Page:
Given the presented notation and definitions of the workspace and network objects, we want to calculate a collision-free traversing pattern for the cooperative and full connected network from one configuration to another, which satisfies all requirements described in the previous subsections. We developed a new algorithm for calculating the motion patterns for a group of wireless devices that combines two following techniques: potential-based and particle-based motion modeling. We defined and constructed a simple artificial potential function. Our function captures all the requirements for calculated motion pattern, and eliminates disadvantages of other forms of potential function such as the existence of local minima not corresponding to the goal [5]. The inspiration came from classical mechanics and liquid crystals where it is common to model the interactions between a pair of neutral atoms or molecules using the Lennard-Jones potential function (LJPF) [18]. We adopted LJPF to our purposes, and defined the simple form of a potential function (11) with similar characteristics to the Lennard-Jones function, Fig. 4.
$$ V_{g}^{i}(d_{g}^{i}) = \epsilon_{g}^{i} \left(\frac{\hat{d}_{g}^{i}}{d_{g}^{i}} -1 \right)^{2}, $$
(11)
Figure 4

The artificial potential function \(\hat {d}^{i}_{g} = 20\), \(\epsilon ^{i}_{g} = 1\)

with the gradient (force), Fig 5
$$ F_{g}^{i} = \nabla V_{g}^{i}(d_{g}^{i}) = - 2 \epsilon_{g}^{i} \left(\frac{(\hat{d}^{i}_{g})^{2}}{(d^{i}_{g})^{3}} - \frac{\hat{d}^{i}_{g}}{(d^{i}_{g})^{2}} \right), $$
(12)
Figure 5

The gradient of the artificial potential function, \(\hat {d}^{i}_{g} = 20\), \(\epsilon ^{i}_{g} = 1\)

where \(V_{g}^{i}\) denotes the potential between a pair of points c i D i and \(\mathbf {c}^{i}_{g} \in G_{g}^{i}\), \(d_{g}^{i}\) the real Euclidean distance between points c i and \(\mathbf {c}_{g}^{i}\) after a network transformation, \(\hat {d}^{i}_{g}\) the reference distance between c i and \(\mathbf {c}_{g}^{i}\) (calculated due to current measurements), \(\epsilon ^{i}_{g}>0\) a weighting factor determining the importance of the goal g.

In the reference position of the i-th node \(d_{g}^{i} = \hat {d}_{g}^{i}\) we have an unstable equilibrium (\(V_{g}^{i} \approx 0\)). Such configuration is the optimal one with respect to all network goals.

In a system formed by only one mobile device moving in the workspace without obstacles we can explicitly calculate the optimal position with respect to its goal G g , assuming V g ≈0. However, in case of a network consisting of many nodes deployed in an unknown workspace with obstacles each node can be affected by all other nodes. Therefore, it is usually impossible to move a given node to its optimal position. We can calculate expected position [x i ,y i ,z i ] of the device D i with respect to all its goals from the set \(S_{G}^{i}\) solving the optimization problem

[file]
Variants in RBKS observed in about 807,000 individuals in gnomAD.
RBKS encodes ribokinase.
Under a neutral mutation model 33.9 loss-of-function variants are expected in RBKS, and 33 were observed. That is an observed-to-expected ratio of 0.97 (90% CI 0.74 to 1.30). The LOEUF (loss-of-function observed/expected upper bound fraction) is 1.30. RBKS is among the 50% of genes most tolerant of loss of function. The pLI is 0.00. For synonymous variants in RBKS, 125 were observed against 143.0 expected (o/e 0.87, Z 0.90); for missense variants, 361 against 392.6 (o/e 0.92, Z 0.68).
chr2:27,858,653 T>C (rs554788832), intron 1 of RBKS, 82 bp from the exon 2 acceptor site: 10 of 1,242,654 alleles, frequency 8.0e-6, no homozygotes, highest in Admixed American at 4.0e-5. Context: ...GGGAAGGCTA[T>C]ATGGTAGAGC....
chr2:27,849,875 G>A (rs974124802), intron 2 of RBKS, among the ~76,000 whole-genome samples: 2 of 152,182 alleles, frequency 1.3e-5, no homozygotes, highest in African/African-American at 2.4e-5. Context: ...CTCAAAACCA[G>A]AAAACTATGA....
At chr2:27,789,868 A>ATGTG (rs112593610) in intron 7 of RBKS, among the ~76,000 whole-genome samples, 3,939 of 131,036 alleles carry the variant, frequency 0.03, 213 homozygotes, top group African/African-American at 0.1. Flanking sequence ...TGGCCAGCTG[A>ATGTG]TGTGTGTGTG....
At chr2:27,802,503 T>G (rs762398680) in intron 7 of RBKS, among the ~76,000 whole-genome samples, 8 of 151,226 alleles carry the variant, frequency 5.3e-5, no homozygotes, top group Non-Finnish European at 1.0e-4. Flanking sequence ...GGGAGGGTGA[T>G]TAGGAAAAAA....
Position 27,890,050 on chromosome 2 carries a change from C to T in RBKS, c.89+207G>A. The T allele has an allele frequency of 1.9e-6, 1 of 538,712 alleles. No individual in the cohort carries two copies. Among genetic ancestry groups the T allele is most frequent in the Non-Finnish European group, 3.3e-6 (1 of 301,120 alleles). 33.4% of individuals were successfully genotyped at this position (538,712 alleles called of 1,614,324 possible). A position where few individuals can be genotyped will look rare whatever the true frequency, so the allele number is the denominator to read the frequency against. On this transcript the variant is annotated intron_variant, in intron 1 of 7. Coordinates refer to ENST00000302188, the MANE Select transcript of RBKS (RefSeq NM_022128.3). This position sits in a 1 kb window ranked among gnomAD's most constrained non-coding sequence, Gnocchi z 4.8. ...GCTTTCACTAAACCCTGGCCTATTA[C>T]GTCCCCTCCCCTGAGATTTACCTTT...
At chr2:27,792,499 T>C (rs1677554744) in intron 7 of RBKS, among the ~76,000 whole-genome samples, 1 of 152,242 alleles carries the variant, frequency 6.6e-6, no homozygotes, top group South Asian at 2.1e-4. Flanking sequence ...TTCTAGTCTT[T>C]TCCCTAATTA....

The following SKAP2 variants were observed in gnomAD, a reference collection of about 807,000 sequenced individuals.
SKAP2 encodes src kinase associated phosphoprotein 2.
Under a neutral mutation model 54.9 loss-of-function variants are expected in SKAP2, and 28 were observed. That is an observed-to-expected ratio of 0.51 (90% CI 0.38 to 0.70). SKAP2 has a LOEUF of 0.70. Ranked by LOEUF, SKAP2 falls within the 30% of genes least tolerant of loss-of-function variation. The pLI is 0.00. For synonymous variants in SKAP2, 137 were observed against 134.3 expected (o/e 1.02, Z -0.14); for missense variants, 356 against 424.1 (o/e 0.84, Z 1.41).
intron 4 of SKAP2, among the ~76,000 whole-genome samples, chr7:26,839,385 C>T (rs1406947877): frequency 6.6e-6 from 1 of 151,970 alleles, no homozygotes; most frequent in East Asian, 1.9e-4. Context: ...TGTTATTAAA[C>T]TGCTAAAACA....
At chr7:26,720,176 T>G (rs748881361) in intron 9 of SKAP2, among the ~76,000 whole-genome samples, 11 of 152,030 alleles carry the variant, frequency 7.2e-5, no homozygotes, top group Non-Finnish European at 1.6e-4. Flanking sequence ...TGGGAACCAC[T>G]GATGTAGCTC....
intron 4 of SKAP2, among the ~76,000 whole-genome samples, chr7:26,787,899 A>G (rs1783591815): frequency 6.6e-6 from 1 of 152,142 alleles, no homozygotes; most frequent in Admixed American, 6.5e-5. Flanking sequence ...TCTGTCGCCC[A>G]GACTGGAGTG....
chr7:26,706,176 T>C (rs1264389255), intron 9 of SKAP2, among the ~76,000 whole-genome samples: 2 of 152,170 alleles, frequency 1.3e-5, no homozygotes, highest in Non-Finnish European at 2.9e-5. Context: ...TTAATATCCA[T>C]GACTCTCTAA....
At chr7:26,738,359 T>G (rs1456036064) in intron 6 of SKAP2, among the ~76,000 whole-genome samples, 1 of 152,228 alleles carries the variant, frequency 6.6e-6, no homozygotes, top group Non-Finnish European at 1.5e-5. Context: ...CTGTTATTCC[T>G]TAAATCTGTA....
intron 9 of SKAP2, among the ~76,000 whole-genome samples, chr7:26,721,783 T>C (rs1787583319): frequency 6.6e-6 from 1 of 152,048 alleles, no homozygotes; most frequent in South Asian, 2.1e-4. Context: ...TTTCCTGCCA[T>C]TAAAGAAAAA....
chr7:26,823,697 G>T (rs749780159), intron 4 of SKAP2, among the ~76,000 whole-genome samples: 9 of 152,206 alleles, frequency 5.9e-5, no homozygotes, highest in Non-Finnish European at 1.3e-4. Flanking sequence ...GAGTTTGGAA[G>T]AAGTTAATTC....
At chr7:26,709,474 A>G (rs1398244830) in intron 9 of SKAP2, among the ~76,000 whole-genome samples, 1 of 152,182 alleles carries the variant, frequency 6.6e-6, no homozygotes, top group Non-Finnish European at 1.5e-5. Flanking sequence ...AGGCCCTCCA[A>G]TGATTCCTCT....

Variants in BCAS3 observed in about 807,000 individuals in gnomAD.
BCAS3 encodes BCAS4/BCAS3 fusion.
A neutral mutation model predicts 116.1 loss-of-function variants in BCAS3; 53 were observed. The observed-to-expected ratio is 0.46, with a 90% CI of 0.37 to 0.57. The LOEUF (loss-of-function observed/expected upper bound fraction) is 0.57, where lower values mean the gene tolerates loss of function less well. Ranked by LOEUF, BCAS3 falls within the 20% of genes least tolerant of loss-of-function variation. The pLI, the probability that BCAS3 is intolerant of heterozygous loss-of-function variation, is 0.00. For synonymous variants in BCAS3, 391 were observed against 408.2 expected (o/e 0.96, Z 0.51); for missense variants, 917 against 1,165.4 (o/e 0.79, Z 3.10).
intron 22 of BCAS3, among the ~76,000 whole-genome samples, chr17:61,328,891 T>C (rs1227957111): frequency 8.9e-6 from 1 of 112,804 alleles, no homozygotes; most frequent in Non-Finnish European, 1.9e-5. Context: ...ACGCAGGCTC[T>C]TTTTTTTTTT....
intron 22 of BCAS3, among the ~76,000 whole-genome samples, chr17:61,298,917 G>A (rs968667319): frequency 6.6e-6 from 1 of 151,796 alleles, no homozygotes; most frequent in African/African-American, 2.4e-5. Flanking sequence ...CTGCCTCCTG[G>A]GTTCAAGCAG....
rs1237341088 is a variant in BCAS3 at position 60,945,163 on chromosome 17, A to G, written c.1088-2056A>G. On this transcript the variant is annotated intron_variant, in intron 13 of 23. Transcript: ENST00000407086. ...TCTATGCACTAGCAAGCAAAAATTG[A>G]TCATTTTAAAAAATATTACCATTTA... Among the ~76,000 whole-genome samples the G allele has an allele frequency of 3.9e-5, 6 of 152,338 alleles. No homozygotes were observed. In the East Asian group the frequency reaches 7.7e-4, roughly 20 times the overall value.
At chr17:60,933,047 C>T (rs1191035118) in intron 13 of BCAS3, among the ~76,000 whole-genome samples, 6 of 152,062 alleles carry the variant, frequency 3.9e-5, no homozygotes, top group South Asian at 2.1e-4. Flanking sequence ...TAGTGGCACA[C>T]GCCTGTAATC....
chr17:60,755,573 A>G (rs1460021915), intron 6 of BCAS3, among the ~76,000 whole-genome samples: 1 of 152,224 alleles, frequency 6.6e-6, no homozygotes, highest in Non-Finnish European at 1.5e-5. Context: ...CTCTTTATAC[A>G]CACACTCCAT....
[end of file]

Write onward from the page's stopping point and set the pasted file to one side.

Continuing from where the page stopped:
$$ \min_{\mathbf{c}^{i}, P^{i}}\left[\sum_{G_{g}^{i} \in S_{G}^{i}}V_{g}^{i}(d_{g}^{i}) = \sum_{G_{g}^{i} \in S_{G}^{i}} \epsilon^{i}_{g} \left(\frac{\hat{d}_{g}^{i}}{d_{g}^{i}} -1 \right)^{2} \right], $$
(13)
under the following constraints for solid body (8), maximal speed, and constraints involved with avoiding obstacles (10):
$$ \forall_{\mathbf{p}^{i}_{a},\mathbf{p}^{i}_{b} \in \{P^{i},\mathbf{c}^{i}\}, a \neq b} \quad \bar{r}^{i}_{a,b} = const, $$
(14)
$$ v_{i} \in <0,v^{i}_{max}> \hskip 0.5cm i = 1,\ldots,N, $$
(15)
$$ \forall_{O_{j}, j = 1,\ldots,M} \quad Vol (P^{i}) \cap Vol(P^{j}) = \emptyset, $$
(16)
where \(d_{g}^{i} = ||\mathbf {c}^{i} - \mathbf {c}^{i}_{g}||\) and \(\bar {r}^{i}_{a,b} = ||\mathbf {p}^{i}_{a} - \mathbf {p}^{i}_{b}||\).

The problem defined by the Eqs.(13)–(16) has to be solved for all devices D i , i = 1,…,N.

4 Algorithm for motion trajectory calculation

The mobility model described in Section 3 was used to develop an algorithm for the motion trajectory calculation for every node in a network formed by devices that are forced to move in advisable direction with adequate speed. The proposed algorithm for the i-th node is composed of two main steps executed repetitively:
  1. 1.

    Reference distance estimation: Estimation of the reference distances \(\hat {d}^{i}_{g}\), g = 1,…,J i between the node D i and all its goals from the set \(S_{G}^{i}\).

     
  2. 2.

    Displacement calculation: Calculation of a new position of the device D i solving the optimization problem (13)–(16).

     

4.1 Reference distance estimation